I watched my son’s friend negotiate an upcoming visitation schedule with his dad at a recent soccer game. I could sense the stress the teen felt as he was thrust in the middle between his parents. I wanted to step in and tell the dad, “Call your ex-wife and work this out. This isn’t your son’s responsibility.”
It might seem easier to ask our kids to handle the communication to avoid the ex. I get it. My husband and I had numerous co-parenting collisions with ex-spouses when our kids were still at home. Some of them could’ve been prevented. Some could not.
But one thing we learned early on (and the one thing to remember!): keep the kids out of the middle.
To co-parent successfully requires intentional effort on our part, including sacrifices and tongue-taming, to make it work. But it’s our responsibility, not our children’s, to negotiate the details.
The biggest challenge may be learning how to be amicable in a relationship with someone you couldn’t get along with when married to them. And while it is hard, I believe it is the link to success when parenting children after divorce.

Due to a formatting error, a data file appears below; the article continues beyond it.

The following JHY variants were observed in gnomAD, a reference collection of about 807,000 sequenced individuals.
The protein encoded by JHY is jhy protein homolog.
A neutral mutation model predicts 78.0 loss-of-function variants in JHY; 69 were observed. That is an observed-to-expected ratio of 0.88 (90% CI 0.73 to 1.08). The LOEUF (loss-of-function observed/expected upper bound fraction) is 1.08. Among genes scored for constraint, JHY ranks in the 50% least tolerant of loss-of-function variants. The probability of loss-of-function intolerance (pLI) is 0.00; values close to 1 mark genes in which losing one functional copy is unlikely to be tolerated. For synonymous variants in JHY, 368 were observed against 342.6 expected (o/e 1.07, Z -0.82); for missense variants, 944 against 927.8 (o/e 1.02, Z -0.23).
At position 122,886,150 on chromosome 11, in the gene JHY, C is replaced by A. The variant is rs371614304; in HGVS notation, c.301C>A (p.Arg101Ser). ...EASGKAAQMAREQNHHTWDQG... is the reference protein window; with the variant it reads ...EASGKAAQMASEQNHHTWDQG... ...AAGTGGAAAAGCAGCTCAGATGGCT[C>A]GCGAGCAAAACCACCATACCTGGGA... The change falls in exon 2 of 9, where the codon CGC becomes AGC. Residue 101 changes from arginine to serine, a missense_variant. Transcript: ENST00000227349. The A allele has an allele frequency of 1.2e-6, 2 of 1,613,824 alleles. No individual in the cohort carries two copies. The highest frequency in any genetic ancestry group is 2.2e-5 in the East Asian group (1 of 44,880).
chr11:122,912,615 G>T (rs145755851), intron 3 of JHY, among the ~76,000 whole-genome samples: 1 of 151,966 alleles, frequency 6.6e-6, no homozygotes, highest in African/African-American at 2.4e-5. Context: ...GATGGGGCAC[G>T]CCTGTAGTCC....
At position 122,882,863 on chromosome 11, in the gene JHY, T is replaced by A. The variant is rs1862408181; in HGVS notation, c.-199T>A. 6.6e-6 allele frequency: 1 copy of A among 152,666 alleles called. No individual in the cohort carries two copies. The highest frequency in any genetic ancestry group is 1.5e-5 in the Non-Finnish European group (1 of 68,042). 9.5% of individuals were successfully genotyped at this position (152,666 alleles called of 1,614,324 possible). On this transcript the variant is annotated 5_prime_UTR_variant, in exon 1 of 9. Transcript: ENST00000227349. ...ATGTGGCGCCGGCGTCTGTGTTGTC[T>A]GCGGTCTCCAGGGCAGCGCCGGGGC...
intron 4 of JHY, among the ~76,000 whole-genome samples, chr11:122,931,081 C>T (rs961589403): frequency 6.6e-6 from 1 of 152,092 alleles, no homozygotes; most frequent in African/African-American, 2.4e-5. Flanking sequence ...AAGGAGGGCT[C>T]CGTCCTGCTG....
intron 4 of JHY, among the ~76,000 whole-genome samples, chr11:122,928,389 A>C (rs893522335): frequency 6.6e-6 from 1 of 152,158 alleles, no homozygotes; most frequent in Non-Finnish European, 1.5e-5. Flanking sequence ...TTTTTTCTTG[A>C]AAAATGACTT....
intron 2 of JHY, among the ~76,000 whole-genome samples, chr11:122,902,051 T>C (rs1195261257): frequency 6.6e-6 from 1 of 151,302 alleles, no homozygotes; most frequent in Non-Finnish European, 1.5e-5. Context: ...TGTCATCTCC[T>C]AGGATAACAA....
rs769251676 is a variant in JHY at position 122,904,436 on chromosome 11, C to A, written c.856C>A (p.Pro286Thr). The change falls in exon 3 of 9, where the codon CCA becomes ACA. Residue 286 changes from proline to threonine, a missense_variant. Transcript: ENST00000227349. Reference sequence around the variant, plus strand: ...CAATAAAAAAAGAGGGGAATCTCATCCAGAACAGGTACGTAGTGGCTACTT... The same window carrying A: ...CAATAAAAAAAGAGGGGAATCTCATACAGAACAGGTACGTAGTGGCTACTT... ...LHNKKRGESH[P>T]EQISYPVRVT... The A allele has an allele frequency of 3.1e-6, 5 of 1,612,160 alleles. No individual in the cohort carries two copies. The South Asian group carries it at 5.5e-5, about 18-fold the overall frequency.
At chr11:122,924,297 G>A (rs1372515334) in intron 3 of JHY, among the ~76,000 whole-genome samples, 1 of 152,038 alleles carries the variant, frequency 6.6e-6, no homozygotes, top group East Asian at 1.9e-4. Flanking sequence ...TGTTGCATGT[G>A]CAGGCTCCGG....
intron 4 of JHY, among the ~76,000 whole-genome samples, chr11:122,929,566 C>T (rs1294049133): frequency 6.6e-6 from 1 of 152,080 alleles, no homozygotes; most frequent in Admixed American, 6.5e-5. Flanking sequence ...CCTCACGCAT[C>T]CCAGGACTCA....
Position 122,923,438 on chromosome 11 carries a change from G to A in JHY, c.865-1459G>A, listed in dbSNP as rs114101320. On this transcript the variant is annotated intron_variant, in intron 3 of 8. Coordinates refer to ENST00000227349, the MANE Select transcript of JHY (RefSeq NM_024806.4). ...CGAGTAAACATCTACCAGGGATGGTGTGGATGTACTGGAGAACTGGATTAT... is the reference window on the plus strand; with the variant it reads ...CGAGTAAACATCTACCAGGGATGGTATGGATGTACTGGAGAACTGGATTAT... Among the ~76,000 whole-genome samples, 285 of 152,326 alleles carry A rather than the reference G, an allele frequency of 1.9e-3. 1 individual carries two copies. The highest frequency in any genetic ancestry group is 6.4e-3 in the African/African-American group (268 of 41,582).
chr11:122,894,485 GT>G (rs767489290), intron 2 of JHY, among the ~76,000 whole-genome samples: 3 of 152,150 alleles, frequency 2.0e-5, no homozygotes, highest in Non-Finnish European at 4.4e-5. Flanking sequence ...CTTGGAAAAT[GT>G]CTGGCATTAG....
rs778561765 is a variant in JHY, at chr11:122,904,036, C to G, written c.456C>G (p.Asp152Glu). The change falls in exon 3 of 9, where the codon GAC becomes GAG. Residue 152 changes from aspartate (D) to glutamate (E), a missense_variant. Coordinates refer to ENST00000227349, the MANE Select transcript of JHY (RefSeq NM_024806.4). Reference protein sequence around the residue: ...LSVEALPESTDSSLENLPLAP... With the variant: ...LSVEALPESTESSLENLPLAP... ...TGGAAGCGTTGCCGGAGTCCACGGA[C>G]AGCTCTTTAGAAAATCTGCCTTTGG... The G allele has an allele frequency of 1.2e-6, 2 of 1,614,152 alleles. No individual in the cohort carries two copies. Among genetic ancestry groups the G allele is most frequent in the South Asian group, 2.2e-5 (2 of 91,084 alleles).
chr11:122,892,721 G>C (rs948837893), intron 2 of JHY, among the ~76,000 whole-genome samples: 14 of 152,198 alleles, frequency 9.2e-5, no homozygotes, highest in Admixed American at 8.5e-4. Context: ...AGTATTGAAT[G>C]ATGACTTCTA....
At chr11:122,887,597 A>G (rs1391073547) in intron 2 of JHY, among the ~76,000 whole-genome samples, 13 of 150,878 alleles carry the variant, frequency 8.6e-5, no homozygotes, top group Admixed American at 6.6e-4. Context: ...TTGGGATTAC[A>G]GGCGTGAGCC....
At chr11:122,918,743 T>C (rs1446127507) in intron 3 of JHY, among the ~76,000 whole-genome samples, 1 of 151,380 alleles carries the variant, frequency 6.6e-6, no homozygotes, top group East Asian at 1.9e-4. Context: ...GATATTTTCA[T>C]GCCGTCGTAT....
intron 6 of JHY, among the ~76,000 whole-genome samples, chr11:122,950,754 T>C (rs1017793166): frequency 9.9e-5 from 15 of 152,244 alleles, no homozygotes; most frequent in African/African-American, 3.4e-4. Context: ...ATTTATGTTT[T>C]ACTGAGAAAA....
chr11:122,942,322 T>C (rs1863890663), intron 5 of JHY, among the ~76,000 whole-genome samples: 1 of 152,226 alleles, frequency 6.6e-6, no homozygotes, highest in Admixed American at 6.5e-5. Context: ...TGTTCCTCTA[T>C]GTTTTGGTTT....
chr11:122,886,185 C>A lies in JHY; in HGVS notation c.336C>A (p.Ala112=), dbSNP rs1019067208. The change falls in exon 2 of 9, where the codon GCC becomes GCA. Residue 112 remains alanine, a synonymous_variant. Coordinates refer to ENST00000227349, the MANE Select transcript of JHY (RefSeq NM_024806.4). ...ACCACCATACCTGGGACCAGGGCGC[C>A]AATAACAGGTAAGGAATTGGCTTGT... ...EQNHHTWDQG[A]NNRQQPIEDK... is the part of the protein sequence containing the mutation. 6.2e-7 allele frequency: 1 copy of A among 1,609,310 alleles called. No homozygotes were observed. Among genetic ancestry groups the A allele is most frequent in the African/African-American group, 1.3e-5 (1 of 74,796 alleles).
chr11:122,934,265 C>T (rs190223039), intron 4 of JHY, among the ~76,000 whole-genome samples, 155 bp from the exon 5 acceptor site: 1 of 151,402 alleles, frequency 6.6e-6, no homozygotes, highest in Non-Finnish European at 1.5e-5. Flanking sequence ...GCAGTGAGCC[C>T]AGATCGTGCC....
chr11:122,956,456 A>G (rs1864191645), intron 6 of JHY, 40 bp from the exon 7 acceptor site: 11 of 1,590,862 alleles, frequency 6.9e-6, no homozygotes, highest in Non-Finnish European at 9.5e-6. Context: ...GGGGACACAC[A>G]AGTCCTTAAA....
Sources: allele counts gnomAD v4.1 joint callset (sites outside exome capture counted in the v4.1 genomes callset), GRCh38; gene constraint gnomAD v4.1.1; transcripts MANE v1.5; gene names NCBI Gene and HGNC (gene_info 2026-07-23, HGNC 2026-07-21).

Co-parenting often creates tension and stress.
We have to remember that when disagreements arise, it’s important to keep them out of range of children’s ears. Adult issues need to be confined to adults.
It’s OK to ask the children how they feel about a particular issue (visitation, event, etc.) but the negotiating and scheduling should be done by the adults.
Stepchildren are unnaturally pulled between two homes with parents they love in both homes. Asking them to make a choice or take sides with one home over another creates hurt.
This is not a game of Tug of War with the children as the rope!
Strained co-parenting gives us an opportunity to practice the gifts of the Spirit as defined in Galatians 5:22-23: “…love, joy, peace, patience, kindness, goodness, faithfulness, gentleness, and self-control.”
I know it’s not easy but as our children watch us (and they are watching!) model kindness and goodness or patience and self-control in the midst of rude or unkind behavior, they learn the value of asserting these qualities in their own lives.
And we gain the satisfaction of knowing we did the right thing, even when it wasn’t easy.
Have you been caught in the middle? What steps did you take (or wish you’d taken) to remedy the situation?